AARP AARP States Colorado Health & Wellbeing

Securing Health Coverage for Older Hispanics


By Cynthia Pasquale

Last year, more Coloradans than ever secured health insurance. But Hispanics— 21 percent of state residents—lag in coverage, accounting for 37.6 percent of Colorado’s uninsured population.

AmeriCorps and AARP Colorado want to change that. The two organizations have teamed up in the Denver area to help the uninsured take advantage of health care options through the Affordable Care Act (ACA) and other programs.

Since February, David Ronquillo, an AmeriCorps liaison working with AARP, has conducted health care workshops and question- and-answer sessions, and provided literature, in neighborhoods with many Hispanics. His special focus is on those 50 and older.

“This group is among those who can least afford skyrocketing health care costs,” Ronquillo said. “It’s vitally important that Latino seniors be aware of the health care options available to them to avoid costly out-of-pocket expenses, such as emergency room visits for normal health reasons.”

AARP has worked with Ameri­Corps for several years through a Boomers Leading Change in Health program focusing on caregiving and more general health care. Ronquillo’s efforts have a specific goal.

“This year we wanted to do a special outreach targeting the Hispanic community and focus on the Denver metro area to see if we could have an impact,” said Roberto Rey, AARP Colorado’s multi­cultural outreach director.

Barriers to enrollment
One of the main obstacles to Hispanics signing up for insurance is lack of access to modern technology, particularly the internet, said Ronquillo, 66.

Other barriers to care include poverty and inadequate education. “When you are in a situation where you are struggling with day-to-day issues, it’s hard to devote the amount of time needed to inform yourself of the possibilities of health care coverage,” Rey said.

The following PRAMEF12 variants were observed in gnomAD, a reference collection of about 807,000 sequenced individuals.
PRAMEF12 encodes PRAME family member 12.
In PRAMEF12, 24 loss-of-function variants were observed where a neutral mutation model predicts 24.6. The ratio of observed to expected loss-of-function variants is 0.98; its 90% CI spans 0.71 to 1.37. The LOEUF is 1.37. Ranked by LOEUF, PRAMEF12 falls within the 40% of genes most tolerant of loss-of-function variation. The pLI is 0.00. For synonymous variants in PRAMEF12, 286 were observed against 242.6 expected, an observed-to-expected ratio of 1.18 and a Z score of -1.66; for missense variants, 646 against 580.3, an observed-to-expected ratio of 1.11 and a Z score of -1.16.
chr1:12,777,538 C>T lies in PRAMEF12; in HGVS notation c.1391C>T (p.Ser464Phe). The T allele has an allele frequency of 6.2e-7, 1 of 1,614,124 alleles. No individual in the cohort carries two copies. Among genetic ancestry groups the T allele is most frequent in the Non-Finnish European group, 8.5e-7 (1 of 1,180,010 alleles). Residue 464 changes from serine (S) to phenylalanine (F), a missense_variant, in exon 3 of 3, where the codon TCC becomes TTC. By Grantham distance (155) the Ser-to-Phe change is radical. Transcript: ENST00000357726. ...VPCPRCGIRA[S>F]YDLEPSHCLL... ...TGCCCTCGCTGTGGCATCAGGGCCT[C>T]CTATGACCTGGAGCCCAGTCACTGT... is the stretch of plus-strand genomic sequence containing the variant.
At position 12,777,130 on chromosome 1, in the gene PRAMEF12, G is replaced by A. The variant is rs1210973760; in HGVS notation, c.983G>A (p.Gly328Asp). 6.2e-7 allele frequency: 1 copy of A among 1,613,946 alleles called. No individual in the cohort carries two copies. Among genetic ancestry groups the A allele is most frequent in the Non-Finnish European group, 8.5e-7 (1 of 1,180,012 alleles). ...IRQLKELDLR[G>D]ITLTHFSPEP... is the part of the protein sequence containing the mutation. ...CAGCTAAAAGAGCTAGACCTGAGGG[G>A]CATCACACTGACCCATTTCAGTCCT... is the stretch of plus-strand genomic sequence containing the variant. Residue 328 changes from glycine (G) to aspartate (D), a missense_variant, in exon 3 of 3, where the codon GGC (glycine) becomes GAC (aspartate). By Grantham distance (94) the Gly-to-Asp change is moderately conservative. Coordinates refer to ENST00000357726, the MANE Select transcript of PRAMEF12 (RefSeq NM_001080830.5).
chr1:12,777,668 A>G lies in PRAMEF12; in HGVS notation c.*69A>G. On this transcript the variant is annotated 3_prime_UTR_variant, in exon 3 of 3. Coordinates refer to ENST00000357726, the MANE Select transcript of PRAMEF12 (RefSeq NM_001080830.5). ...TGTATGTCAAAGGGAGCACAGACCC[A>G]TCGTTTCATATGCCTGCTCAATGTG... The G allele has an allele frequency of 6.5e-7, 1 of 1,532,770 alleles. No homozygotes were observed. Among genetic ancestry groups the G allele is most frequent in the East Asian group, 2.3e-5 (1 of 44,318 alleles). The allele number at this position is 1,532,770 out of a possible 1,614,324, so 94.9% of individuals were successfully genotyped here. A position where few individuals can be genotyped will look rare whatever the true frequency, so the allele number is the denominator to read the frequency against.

Uninsured Hispanics in Colorado are more likely to report not knowing how to get coverage (18.6 percent) than uninsured non-Hispanics (11.7 percent), according to the Colorado Health Access Survey, which tracks data on coverage and health care.

It’s also estimated that 25 percent of Hispanics in the state are eligible but not enrolled for federal benefits, including Medicaid or Medicare assistance. Many don’t apply because they don’t realize they qualify or don’t know how to enroll, Rey said.

AARP Colorado has arranged for Ronquillo to attend area health and resource fairs and other regularly scheduled events where “there’s likely to be a significant Latino population present,” said Rey.

Ronquillo said AARP “is clearly in the best position to take the lead in reaching out to Latino seniors... They can get the information without getting pressured to sign up for coverage.”

One place that Ronquillo visits often is Denver Inner City Parish, a nonprofit that assists the city’s underserved and working poor through a variety of programs.

At a recent lunch event there, Ronquillo was asked a wide range of questions: Would a grandson’s family living in his grandmother’s house affect Medicaid enrollment? Does ACA pay for an inhaler or needed oxygen? What about physical therapy in a home?

The answers are often complicated. Ronquillo does the research and follows up with the questioner. When someone is eligible for Medicare but isn’t sure how to sign up, Ronquillo connects the person to AmeriCorps colleagues who help navigate the complicated enrollment system.

There are also a significant number of undocumented immigrants, estimated in 2014 at about one-fifth of all uninsured Coloradans, who do not qualify for ACA or Medicaid coverage. “One of our goals is to put the people who don’t qualify in contact with community clinics or other organizations that provide care regardless of someone’s residence status,” Rey said.

For more on health care events, contact Ronquillo at 303-318-6764 or, or Rey at

Cynthia Pasquale is a writer living in Denver.


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